Fake vodka 'can kill you' warning to Christmas shoppers

bottles of fake vodka Fake vodka can look exactly like the real thing

Related Stories

Christmas shoppers trying to save money are being warned to look out for counterfeit alcohol, which can seriously damage health.

Trading standards say it may contain chemicals such as chloroform or industrial alcohol, which can affect eyesight, or in extreme cases, kill.

Seizures of counterfeit vodka in some areas doubled over the last year.

Typically it is sold in corner shops where unscrupulous owners sell it from underneath the counter.

It has also been found on sale in nightclubs.

"I was silly enough to buy some stuff from under the counter, which was clearly not a proper manufactured product," admits Alex Kohnert, a student at Sheffield University.

Fake vodka seizures in Sheffield

  • 2011/12: 554 bottles
  • 2012/13: 1,470
  • 2013/14: 2,370

"I have friends who've suffered from temporary blindness, in one case, but also quite bad stomach pains," he told the BBC.

13,000 litres

Trading Standards staff in Sheffield have been particularly aggressive in trying to tackle the problem.

Since April this year they have found 2,300 bottles of illicit alcohol, mostly vodka. That is double the amount they found last year, which in turn was double what they found in 2011.

Usually it contains alcohols used in cleaning fluids or antifreeze. As a result, such bottles can contain up to 57% alcohol.

"It's not tested. There's no quality control," says Ian Ashmore of Trading Standards.

shop 674 bottles of fake vodka were found at this corner shop

"These are often criminals that are manufacturing this. They're not concerned about the consumer's health. So it can contain virtually anything," he says.

In once recent case, a shopkeeper in the Richmond area of Sheffield was fined £582, including costs, for keeping 674 bottles of counterfeit vodka under the counter.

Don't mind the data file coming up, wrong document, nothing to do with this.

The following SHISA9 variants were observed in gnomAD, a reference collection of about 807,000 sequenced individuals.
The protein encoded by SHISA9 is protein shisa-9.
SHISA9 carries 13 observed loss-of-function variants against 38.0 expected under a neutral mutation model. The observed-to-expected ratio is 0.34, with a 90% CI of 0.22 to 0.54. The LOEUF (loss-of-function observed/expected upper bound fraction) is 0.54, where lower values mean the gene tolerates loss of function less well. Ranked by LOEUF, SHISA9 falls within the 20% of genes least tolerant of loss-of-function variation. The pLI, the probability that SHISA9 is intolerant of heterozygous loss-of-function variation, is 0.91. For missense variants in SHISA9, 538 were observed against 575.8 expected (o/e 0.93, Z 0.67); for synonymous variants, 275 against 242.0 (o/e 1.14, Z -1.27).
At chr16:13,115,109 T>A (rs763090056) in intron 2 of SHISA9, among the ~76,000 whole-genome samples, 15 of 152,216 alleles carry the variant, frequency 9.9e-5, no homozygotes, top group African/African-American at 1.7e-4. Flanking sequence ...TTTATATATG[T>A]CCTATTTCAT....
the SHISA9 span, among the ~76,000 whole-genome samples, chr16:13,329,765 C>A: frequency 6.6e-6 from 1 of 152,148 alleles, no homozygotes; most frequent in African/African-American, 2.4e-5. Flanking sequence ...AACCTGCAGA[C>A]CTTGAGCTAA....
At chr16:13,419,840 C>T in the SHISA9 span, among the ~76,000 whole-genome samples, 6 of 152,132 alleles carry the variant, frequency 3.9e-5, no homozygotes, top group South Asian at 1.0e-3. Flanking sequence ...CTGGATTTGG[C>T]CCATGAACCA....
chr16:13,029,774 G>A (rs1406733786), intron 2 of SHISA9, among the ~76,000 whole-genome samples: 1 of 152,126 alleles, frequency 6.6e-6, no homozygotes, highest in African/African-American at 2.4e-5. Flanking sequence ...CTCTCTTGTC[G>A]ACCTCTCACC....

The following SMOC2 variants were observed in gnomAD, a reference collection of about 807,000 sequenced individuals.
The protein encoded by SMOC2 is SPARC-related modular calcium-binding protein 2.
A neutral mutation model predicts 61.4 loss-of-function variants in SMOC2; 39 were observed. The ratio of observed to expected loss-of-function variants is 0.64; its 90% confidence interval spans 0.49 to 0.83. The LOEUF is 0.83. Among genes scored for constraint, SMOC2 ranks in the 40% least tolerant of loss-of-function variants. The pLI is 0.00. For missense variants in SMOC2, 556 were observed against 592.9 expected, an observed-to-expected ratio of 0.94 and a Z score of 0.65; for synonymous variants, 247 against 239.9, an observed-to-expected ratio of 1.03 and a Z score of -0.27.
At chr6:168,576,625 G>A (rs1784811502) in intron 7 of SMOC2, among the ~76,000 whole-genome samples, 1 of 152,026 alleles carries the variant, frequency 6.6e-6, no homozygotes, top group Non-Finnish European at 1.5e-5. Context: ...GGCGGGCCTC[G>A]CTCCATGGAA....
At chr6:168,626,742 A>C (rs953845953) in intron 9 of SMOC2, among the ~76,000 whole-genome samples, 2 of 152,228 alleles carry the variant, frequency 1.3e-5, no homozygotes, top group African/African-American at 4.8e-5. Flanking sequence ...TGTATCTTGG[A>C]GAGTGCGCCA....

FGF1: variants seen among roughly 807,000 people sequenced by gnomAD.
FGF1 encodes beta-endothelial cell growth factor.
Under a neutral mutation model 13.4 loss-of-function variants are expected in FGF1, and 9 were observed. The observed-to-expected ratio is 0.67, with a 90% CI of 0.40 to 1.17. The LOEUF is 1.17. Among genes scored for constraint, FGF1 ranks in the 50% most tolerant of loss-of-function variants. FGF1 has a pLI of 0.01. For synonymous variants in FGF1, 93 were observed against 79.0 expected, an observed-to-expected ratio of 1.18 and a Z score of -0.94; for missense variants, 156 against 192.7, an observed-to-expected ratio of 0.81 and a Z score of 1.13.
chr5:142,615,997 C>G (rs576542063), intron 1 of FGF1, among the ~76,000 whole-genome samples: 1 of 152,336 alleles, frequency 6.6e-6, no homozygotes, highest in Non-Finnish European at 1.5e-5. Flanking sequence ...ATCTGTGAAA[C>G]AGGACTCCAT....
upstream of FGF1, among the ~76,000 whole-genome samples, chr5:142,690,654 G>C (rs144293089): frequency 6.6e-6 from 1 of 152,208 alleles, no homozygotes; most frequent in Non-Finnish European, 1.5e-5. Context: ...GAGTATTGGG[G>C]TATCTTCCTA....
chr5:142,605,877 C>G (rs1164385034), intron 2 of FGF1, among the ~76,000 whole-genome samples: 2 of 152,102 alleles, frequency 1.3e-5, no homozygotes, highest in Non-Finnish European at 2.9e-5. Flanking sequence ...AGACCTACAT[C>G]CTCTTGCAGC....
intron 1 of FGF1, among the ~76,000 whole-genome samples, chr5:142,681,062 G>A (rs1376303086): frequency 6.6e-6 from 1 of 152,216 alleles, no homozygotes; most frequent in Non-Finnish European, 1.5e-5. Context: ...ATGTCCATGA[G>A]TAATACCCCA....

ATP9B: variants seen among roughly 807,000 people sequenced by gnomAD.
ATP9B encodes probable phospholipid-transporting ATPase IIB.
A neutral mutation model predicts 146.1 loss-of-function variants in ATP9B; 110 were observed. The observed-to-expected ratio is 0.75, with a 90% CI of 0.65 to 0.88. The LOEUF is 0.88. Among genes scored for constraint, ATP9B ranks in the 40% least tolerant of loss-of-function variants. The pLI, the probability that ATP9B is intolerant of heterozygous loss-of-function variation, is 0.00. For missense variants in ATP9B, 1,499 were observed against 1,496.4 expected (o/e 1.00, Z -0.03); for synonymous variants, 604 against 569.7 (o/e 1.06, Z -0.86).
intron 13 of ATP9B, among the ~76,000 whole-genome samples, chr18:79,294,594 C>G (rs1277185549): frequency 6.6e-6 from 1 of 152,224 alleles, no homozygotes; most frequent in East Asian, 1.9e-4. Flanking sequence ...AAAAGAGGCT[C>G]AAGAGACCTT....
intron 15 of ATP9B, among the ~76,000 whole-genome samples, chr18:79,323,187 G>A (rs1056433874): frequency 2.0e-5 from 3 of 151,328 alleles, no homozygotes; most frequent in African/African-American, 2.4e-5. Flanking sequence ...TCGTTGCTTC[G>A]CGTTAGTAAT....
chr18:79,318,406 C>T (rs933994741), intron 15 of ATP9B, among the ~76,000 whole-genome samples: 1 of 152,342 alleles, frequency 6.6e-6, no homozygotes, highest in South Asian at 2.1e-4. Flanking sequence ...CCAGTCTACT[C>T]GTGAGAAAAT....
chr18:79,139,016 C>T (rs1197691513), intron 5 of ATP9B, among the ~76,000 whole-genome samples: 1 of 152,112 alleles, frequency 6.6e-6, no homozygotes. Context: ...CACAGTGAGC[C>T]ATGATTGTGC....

The council called the fine derisory.

Nerve damage

The problem is now becoming apparent elsewhere across the country too.

Start Quote

You can lose your eyesight; you can lose your ability to walk like a normal person; You can lose your life.”

End Quote Dr Sarah Jarvis Drinkaware

In August, a nightclub in Leeds was fined for stocking vodka containing chloroform, an anaesthetic which can make you feel dizzy, and even cause a drinker to lose consciousness.

In September, HMRC seized 13,000 litres of counterfeit vodka in Scotland, one of the largest such seizures ever.

It was being transported from Belfast and the lorry was intercepted as it left the ferry at Cairnryan.

In December 2013, the owner of a nightclub in Chelmsford was fined after selling fake Smirnoff which he had bought from a van just outside the club.

Doctors warn that any fake alcohol which contains methanol can be particularly dangerous.

Dr Sarah Jarvis, who advises the organisation Drinkaware, says it can cause nerve damage, giving the victim symptoms of Parkinson's disease.

"You can lose your eyesight; you can lose your ability to walk like a normal person; you can lose your life," she told the BBC.

"Tripple distilled" Check for spelling mistakes on the bottle
How to spot it

Spotting a fake is not always easy. Most illegal manufacturers try and imitate the UK duty paid stamp, although often it is the wrong size.

One bottle of vodka we saw claimed to come from an area called "Russia-Berlin", which ought to ring alarm bells.

Others had spelling mistakes, wonky labels, and even sediment in the bottle.

But some bottles looked exactly like their genuine counterparts, such as Smirnoff or Selekt. Some had an extremely pungent aroma.

Price is another good indicator. The duty and VAT alone on a legitimate 70cl bottle of vodka total £8.89.

"So if you see a bottle on sale for any less than £9.50, I would be inspecting it," said Ken Webb, an enforcement officer with Trading Standards.

Becca Barnes, a welfare officer at Sheffield University, is particularly concerned about students who tank themselves up early in the evening.

Russia- Berlin origin Some fake vodka appears to have an unusual origin

"We've had students who've started drinking before a night out," she says.

"Our advice is to look carefully at the prices as you shop."

Drinkware advises shoppers to think of four 'Ps':

  • Place: Buy in a reputable location.
  • Price: If it is too cheap, be careful.
  • Packaging: Check if the labels are correct, or have been tampered with.
  • Product: If it smells or looks bad, do not drink it.

More on This Story

Related Stories

The BBC is not responsible for the content of external Internet sites

More Business stories


BBC Business Live

    Zambian copper Via Twitter BBC World News

    tweets: Don't worry she was earthed - the BBC's Lucy Burton reporting from a copper mine in Zambia today for @bbcworldservice (Listen here from 17:30)

    12:01: Skymark jump

    Shares in Skymark Airlines jumped 26% following a report that the Japanese carrier was in talks with Japan Airlines. Nikkei business daily's online edition said the firm was negotiating code-sharing with Japan Airlines on some routes.

    11:44: Public sector borrowing